“We’re working very closely with the U.A.E. to try to convince Iran that the only solution is a political solution,” John Rakolta, a business executive from Detroit who is the new United States ambassador to the United Arab Emirates, told The Associated Press this month.
Some critics of the administration say that allowing the attacks on the Saudi oil facilities and the oil tankers to go unchallenged by the United States military and its allies will embolden strikes by Iran.
Administration officials point to the recent protests in Iran over gasoline price increases as evidence that the economic pressure is working and that Washington’s restraint in response to the attacks is justified.
General McKenzie said that the reinforcements sent to the Gulf region — including more than 3,000 troops to Saudi Arabia — were intended to send a strong deterrent signal to Iran but not to provoke Iranian military action.
In the latest projection of force, the aircraft carrier Abraham Lincoln passed through the Strait of Hormuz last week, the first time a Navy carrier had traversed the Persian Gulf since April. Navy officials have noted that the Lincoln has been at sea for months in the Gulf of Oman without regular port calls for the crew, a potential morale issue that is due to be remedied soon.
“There wasn’t any particular strategic necessity on the timing,” General McKenzie said. “It is important to demonstrate that we can do it when we want to.”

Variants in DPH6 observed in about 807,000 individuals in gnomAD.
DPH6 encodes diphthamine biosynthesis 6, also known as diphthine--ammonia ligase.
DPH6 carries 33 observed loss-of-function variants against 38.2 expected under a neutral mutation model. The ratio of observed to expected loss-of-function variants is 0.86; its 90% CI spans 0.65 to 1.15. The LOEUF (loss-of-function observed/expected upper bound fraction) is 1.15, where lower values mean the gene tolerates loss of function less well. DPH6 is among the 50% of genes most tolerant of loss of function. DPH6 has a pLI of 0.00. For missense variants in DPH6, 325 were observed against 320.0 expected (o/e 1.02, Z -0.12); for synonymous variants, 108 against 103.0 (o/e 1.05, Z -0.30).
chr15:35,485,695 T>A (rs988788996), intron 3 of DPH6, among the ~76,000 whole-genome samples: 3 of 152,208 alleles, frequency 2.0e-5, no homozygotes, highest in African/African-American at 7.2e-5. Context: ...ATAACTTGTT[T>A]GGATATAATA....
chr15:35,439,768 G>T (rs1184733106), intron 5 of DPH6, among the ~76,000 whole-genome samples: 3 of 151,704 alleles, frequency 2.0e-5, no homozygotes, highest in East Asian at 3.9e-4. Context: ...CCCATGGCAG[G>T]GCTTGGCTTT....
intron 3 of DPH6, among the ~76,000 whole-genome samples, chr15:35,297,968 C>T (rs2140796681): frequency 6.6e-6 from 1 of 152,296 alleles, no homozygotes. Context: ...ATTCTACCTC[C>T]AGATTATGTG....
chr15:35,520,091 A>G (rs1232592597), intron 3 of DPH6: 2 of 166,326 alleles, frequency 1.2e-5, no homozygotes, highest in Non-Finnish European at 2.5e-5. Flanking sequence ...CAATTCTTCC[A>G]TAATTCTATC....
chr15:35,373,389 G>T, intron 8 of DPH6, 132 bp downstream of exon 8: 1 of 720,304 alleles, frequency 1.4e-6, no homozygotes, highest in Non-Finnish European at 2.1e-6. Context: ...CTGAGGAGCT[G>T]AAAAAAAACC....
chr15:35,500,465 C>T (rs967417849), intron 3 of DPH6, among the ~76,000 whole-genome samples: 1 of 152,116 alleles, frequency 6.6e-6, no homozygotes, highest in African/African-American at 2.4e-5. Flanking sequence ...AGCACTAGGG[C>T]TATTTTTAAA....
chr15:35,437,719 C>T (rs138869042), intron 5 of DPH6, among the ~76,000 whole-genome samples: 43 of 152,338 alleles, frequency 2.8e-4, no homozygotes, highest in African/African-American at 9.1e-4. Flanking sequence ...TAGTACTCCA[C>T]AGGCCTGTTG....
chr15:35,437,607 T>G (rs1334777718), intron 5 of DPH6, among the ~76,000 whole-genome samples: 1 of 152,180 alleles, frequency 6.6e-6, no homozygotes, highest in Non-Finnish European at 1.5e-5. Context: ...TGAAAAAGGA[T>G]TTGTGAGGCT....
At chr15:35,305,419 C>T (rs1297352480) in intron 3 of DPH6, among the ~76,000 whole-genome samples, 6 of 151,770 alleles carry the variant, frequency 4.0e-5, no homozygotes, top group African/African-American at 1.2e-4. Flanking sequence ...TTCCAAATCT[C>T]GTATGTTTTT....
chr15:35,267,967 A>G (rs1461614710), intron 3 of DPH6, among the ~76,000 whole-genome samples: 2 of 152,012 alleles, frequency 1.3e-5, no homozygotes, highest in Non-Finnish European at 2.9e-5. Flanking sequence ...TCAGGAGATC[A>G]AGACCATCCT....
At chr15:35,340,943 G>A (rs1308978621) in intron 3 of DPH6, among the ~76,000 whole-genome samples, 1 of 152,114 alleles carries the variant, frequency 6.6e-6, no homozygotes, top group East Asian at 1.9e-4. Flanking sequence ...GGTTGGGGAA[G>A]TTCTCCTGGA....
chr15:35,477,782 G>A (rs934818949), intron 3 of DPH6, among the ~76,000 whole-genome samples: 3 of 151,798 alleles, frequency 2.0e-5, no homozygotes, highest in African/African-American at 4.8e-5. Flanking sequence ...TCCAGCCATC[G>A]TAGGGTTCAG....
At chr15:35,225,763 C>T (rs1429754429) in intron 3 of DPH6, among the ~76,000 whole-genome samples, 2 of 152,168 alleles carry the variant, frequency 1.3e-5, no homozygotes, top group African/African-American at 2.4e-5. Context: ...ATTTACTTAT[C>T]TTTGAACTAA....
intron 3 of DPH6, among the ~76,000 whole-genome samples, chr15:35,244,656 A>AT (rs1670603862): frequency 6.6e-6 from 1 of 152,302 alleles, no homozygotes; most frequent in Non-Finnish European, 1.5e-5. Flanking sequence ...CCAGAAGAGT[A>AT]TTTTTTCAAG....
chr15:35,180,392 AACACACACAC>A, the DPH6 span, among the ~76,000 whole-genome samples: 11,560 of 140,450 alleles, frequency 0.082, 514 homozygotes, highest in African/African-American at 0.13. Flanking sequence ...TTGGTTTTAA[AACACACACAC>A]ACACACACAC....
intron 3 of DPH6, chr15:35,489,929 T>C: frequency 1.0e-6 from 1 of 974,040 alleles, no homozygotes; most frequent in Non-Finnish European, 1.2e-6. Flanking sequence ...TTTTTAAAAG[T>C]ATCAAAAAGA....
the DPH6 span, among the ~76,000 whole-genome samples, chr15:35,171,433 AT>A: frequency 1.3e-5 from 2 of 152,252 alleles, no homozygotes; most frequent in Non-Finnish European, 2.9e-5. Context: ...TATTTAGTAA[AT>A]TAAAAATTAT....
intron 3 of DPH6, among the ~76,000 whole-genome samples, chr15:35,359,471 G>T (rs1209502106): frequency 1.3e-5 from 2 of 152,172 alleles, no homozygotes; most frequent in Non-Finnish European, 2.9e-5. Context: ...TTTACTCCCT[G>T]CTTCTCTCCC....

At last year’s Bahrain conference, then Defense Secretary Jim Mattis sought to tamp down concerns that if Washington reduced its security role in the Middle East, Russia would move quickly to fill the vacuum.
At the time, the United States had not had an aircraft carrier in the Persian Gulf in seven months, and the Pentagon was pulling Patriot missile-defense systems out of Jordan, Kuwait and Bahrain as part of a realignment of firepower toward Russia and China.
Yet Washington continues to keep a close watch on Iranian military strategy and capabilities. A lengthy report issued by the Defense Intelligence Agency last week predicted that Iran will deploy increasing numbers of more accurate and lethal ballistic missiles and field new land-attack cruise missiles.
“On the conventional side, Iran’s military strategy is primarily based on deterrence and the ability to retaliate against an attacker,” Christian Saunders, the agency’s senior Iran analyst, said in releasing the report.
Nor are Iran’s conventional arms the only focus of Washington’s attention.
Iran announced plans this month to reactivate its most sensitive nuclear production site, a deep underground uranium enrichment center, in a step that dismantles some of the last major restrictions on the country under the 2015 nuclear deal that was signed with major international powers but which Mr. Trump withdrew the United States from last year.
It was the third time in six months that Iran’s president, Hassan Rouhani, had outlined a careful series of escalations of Iran’s nuclear capacity.
None of these steps immediately secures the makings of a bomb for Iran. But taken together they create the condition that the three-year negotiating process leading up to the nuclear accord was intended to stop, at least temporarily: Iran’s ability to develop the material for a bomb in a year.